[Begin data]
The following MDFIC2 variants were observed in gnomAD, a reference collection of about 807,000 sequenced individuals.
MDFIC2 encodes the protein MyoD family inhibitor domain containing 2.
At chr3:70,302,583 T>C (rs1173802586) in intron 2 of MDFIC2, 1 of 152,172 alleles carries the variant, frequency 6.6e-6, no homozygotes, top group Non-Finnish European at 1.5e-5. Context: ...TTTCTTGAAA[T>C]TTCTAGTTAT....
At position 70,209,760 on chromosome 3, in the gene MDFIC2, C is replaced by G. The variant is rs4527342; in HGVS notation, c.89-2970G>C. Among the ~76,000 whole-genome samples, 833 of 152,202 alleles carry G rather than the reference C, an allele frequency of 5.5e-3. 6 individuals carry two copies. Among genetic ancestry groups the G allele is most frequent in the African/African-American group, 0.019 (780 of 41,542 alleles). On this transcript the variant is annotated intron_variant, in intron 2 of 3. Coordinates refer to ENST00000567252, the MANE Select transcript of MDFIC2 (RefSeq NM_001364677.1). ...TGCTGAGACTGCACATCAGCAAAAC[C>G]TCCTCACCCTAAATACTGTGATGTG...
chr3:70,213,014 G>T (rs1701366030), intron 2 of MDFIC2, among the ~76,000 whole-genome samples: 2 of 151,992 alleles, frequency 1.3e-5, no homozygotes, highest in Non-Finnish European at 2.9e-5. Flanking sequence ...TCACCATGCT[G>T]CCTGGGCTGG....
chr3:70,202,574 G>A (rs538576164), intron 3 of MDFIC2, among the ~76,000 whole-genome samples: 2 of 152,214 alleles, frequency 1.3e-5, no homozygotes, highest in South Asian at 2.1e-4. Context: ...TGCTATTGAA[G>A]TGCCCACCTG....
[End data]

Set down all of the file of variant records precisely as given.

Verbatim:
The following MDFIC2 variants were observed in gnomAD, a reference collection of about 807,000 sequenced individuals.
MDFIC2 encodes the protein MyoD family inhibitor domain containing 2.
At chr3:70,302,583 T>C (rs1173802586) in intron 2 of MDFIC2, 1 of 152,172 alleles carries the variant, frequency 6.6e-6, no homozygotes, top group Non-Finnish European at 1.5e-5. Context: ...TTTCTTGAAA[T>C]TTCTAGTTAT....
At position 70,209,760 on chromosome 3, in the gene MDFIC2, C is replaced by G. The variant is rs4527342; in HGVS notation, c.89-2970G>C. Among the ~76,000 whole-genome samples, 833 of 152,202 alleles carry G rather than the reference C, an allele frequency of 5.5e-3. 6 individuals carry two copies. Among genetic ancestry groups the G allele is most frequent in the African/African-American group, 0.019 (780 of 41,542 alleles). On this transcript the variant is annotated intron_variant, in intron 2 of 3. Coordinates refer to ENST00000567252, the MANE Select transcript of MDFIC2 (RefSeq NM_001364677.1). ...TGCTGAGACTGCACATCAGCAAAAC[C>G]TCCTCACCCTAAATACTGTGATGTG...
chr3:70,213,014 G>T (rs1701366030), intron 2 of MDFIC2, among the ~76,000 whole-genome samples: 2 of 151,992 alleles, frequency 1.3e-5, no homozygotes, highest in Non-Finnish European at 2.9e-5. Flanking sequence ...TCACCATGCT[G>T]CCTGGGCTGG....
chr3:70,202,574 G>A (rs538576164), intron 3 of MDFIC2, among the ~76,000 whole-genome samples: 2 of 152,214 alleles, frequency 1.3e-5, no homozygotes, highest in South Asian at 2.1e-4. Context: ...TGCTATTGAA[G>A]TGCCCACCTG....